Wheel of change

Ella Rhodes reports from a Behavioural Science and Public Health Network event.

Since its creation five years ago the Behavioural Science and Public Health Network has been bridging the gap between academia and population health. The network was involved in the creation of Public Health England’s first-ever national strategy on behavioural science, and recently held its fourth annual conference to discuss progress and directions for future travel.

After a welcome by outgoing Chair Dr Angel Chater (University of Bedfordshire), Professor Chris Armitage (University of Manchester) spoke of the difficulties of combining the often slower world of academia with questions in public health – which often require much speedier answers. He gave the example of his own study into improving the oral health of children using implementation intentions – or ‘if-then plans’. While the theory behind this approach was first put forward in 1990, there were no published studies on the technique until 1997. Similarly, while Armitage was awarded funding from the NiHR 2014 for his oral health study, it was not completed until last year, and now needs to be extended in a further trial.

One approach to speeding up the application of behavioural science to public health approaches is the Behavioural Science Consortium, a framework agreement with the government via a contract with Crown Commercial Services which brings together six suppliers of behavioural insights research driven by the Cabinet Office. Armitage and colleagues at the University of Manchester and Sheffield Hallam University have come together as one of these suppliers, and can bid for tenders from various government organisations.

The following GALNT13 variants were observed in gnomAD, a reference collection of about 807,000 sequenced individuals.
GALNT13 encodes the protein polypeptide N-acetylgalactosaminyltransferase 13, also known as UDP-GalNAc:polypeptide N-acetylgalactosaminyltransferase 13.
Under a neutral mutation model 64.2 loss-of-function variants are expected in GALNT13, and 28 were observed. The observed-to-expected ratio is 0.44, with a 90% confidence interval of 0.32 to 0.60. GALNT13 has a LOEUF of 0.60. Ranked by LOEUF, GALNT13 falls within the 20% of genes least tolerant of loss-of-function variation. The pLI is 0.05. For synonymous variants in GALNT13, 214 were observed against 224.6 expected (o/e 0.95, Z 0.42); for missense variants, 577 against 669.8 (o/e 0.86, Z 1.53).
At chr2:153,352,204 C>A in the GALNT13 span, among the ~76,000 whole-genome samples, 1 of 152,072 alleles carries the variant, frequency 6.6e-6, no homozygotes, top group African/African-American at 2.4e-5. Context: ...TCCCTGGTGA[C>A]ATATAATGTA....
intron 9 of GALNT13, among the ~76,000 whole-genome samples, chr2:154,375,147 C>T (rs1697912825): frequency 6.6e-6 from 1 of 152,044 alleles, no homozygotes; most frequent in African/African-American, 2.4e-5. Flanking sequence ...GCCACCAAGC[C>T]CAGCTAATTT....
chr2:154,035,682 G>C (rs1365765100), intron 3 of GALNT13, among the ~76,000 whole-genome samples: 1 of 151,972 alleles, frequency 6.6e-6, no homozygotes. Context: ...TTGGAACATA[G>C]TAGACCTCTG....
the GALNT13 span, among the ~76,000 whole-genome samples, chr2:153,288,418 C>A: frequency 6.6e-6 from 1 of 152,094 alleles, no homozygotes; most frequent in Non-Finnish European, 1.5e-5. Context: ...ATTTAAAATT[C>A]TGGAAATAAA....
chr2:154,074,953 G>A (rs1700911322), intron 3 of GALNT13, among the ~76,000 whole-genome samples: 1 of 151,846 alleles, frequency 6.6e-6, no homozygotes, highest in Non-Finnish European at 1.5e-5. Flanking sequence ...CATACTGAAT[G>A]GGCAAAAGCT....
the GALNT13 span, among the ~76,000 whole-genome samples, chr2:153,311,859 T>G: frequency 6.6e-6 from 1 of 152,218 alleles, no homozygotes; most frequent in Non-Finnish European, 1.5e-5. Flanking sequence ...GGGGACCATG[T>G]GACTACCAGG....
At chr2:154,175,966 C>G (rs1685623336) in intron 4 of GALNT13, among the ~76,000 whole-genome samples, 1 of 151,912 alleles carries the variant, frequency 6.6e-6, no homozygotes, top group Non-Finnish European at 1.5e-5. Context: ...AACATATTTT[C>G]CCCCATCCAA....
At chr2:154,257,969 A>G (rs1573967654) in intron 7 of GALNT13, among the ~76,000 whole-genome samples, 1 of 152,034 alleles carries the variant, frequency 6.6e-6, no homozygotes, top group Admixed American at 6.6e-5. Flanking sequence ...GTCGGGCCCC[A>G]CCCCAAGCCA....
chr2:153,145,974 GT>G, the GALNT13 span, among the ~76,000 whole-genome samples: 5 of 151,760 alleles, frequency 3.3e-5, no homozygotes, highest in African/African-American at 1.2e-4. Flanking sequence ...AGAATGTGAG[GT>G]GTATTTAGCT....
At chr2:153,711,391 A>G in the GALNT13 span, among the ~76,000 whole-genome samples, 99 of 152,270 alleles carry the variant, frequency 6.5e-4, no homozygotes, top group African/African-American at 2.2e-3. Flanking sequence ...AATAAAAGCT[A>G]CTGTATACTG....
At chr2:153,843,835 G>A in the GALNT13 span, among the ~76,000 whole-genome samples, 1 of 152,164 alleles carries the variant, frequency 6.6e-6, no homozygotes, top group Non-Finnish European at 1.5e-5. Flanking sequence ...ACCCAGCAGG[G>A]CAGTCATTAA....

The London Borough of Southwark contains some of the most deprived, and most affluent, areas of the capital which presents fascinating challenges for public health professionals. An Epidemiologist by background, Professor Kevin Fenton moved from Public Health England to a secondment position as Director of Place and Wellbeing at Southwark Council in 2017. He began by taking stock of the challenges in the borough, including a gap between the healthy life expectancy and educational attainment of those in more affluent compared with more deprived areas.

Fenton used the Health in All Policies Approach, which suggests considering health implications when making decisions, and among other initiatives introduced free swimming and gym use for all Southwark residents at certain times, trained some council staff as mental health first-aiders and introduced free healthy school meals for all primary school children. After a year Fenton created the Place and Wellbeing Department in the council. This aims to, among other things, ensure regeneration works for everyone, address inequalities, and create a sense of pride in the borough.

The Behaviour Change Wheel, created by Professors Susan Michie and Robert West (UCL), is an interdisciplinary framework for developing behaviour change interventions. However some have asked how the wheel can work in tandem with other approaches, for example MINDSPACE and EAST, which are often used by government organisations in designing and implementing behaviour change interventions. In an attempt to encapsulate all the approaches in the three models, West told the audience, he and Michie have developed NEAR-AFAR. This provides a simple framework for applying the behaviour change wheel to policies and interventions. The ‘NEAR’ part of the model promotes certain behaviours: ‘Normal’, the fact we do things which other people are doing or that which we think they’re doing; ‘Easy’, or increasing the capability of people to carry out a certain behaviour; ‘Attractive’, making a behaviour seem more pleasant; and ‘Routine’, making a behaviour as automatic as possible. ‘AFAR’ intends to prevent a behaviour: ‘Abnormal’, making a behaviour seem unusual, ‘Fraught’, or less easy to do; ‘Appalling’, people are less likely to do something they expect will be unpleasant; and ‘Reflect’, West said people are less likely to be habitual in their behaviour if the routine can be disrupted.

Much of West and Michie’s work is freely available online for those interested in structuring behaviour change interventions, see unlockingbehaviourchange.com and behaviourchangewheel.com for more information. 

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